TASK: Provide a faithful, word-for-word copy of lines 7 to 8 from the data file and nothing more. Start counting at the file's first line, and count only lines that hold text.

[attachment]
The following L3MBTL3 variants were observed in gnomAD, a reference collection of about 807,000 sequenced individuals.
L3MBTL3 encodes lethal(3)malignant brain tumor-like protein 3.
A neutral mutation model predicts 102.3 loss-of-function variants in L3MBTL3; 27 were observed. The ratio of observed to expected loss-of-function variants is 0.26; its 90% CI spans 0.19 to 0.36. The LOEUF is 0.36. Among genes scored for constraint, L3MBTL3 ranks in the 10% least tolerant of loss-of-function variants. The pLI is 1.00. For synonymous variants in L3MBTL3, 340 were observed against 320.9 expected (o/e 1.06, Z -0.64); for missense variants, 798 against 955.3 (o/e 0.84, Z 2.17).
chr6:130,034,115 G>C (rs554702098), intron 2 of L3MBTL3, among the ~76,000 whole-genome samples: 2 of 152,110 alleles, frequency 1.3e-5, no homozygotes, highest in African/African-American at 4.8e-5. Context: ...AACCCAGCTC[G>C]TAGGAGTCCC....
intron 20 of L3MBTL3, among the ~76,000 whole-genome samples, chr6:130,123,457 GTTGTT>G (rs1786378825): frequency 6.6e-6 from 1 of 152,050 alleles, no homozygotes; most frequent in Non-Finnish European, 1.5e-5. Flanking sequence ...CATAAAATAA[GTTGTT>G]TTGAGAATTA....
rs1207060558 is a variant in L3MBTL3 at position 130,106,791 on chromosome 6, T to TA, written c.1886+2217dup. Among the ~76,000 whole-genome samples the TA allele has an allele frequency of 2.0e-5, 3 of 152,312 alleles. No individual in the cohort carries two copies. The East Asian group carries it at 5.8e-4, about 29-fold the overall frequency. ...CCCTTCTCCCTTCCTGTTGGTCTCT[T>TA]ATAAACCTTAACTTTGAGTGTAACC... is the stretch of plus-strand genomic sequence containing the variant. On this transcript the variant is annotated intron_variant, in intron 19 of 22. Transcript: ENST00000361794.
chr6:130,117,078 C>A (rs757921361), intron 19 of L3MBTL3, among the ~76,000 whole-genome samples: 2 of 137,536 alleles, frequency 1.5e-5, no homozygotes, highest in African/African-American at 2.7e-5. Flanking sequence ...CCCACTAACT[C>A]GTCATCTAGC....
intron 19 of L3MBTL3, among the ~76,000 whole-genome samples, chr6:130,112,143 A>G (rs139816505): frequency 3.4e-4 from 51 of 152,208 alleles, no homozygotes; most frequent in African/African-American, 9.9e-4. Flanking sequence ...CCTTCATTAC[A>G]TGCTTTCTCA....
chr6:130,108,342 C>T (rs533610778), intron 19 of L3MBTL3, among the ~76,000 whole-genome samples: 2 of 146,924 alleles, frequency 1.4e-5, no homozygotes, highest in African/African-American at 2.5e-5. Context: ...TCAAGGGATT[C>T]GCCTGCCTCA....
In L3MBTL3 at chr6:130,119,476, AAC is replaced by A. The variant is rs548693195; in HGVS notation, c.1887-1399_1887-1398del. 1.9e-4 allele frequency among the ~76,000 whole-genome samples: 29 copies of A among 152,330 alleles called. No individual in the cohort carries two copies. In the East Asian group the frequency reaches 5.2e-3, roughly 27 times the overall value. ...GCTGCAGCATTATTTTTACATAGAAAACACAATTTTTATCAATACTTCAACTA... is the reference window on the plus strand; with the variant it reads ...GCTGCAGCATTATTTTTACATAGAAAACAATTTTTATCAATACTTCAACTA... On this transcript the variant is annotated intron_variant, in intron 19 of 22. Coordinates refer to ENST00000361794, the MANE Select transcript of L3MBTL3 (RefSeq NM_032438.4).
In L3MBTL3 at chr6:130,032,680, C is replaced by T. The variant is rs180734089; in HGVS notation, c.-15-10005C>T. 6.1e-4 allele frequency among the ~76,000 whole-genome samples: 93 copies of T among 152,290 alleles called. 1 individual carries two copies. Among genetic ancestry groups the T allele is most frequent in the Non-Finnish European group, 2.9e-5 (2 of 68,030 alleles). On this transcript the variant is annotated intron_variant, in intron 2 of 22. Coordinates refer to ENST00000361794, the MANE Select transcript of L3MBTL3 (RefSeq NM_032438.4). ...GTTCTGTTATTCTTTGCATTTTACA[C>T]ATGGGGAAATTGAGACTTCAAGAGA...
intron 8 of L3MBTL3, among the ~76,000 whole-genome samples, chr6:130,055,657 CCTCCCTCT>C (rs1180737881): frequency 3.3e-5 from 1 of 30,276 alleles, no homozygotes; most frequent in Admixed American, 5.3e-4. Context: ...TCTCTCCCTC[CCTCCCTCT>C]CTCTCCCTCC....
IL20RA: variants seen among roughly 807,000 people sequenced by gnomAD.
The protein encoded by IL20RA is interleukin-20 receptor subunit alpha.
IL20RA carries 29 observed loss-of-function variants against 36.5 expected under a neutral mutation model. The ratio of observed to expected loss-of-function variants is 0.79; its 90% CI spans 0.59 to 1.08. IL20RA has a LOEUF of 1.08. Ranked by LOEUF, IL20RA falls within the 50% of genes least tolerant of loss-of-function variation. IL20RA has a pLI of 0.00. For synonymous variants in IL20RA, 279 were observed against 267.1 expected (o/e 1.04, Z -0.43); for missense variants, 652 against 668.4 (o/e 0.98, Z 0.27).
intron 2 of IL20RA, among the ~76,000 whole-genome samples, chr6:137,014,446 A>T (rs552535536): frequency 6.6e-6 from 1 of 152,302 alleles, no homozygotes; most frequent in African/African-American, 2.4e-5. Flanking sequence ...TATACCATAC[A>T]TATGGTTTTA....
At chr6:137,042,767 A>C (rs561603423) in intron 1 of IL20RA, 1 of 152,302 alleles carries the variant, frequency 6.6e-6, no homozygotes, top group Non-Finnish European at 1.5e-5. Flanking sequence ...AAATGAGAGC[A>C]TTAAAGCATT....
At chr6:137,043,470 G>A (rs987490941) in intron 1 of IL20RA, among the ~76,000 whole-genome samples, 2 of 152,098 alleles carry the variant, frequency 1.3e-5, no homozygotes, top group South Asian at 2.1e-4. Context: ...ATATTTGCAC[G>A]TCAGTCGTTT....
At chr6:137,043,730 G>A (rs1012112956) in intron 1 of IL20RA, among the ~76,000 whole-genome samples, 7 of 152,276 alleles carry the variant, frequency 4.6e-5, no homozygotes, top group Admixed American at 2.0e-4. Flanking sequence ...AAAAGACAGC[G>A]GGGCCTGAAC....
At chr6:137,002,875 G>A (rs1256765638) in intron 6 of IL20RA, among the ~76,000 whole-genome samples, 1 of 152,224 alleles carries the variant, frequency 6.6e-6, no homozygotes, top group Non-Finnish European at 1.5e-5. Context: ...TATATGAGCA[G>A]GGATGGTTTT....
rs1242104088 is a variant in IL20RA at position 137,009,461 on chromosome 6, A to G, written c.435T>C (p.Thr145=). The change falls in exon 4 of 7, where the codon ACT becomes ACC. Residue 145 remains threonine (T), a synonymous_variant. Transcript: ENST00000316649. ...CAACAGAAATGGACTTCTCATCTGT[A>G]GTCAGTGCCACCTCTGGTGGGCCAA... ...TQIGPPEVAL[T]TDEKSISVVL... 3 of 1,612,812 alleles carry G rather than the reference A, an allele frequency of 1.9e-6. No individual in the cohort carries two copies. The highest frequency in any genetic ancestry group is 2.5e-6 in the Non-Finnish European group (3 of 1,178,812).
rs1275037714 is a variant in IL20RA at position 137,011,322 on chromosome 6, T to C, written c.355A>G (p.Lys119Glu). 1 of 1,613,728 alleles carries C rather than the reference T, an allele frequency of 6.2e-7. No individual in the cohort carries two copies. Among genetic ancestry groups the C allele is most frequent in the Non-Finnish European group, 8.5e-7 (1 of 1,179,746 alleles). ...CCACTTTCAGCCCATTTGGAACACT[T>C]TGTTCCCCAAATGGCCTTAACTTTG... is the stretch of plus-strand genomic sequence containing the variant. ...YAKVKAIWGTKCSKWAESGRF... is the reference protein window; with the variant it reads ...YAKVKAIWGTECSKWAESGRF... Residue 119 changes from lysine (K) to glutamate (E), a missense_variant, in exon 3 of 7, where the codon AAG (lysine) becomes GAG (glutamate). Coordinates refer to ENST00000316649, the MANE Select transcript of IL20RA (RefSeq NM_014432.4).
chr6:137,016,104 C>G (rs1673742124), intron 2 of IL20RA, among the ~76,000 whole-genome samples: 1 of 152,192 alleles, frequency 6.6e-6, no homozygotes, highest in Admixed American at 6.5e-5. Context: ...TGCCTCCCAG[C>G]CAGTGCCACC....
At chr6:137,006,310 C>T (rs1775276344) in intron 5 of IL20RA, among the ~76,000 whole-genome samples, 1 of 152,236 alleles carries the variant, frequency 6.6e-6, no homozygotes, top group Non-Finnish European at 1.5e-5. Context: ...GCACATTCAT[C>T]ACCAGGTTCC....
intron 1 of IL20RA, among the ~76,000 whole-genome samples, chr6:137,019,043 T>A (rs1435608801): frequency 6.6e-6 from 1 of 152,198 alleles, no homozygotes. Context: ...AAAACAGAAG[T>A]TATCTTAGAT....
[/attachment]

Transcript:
chr6:130,117,078 C>A (rs757921361), intron 19 of L3MBTL3, among the ~76,000 whole-genome samples: 2 of 137,536 alleles, frequency 1.5e-5, no homozygotes, highest in African/African-American at 2.7e-5. Flanking sequence ...CCCACTAACT[C>A]GTCATCTAGC....
intron 19 of L3MBTL3, among the ~76,000 whole-genome samples, chr6:130,112,143 A>G (rs139816505): frequency 3.4e-4 from 51 of 152,208 alleles, no homozygotes; most frequent in African/African-American, 9.9e-4. Flanking sequence ...CCTTCATTAC[A>G]TGCTTTCTCA....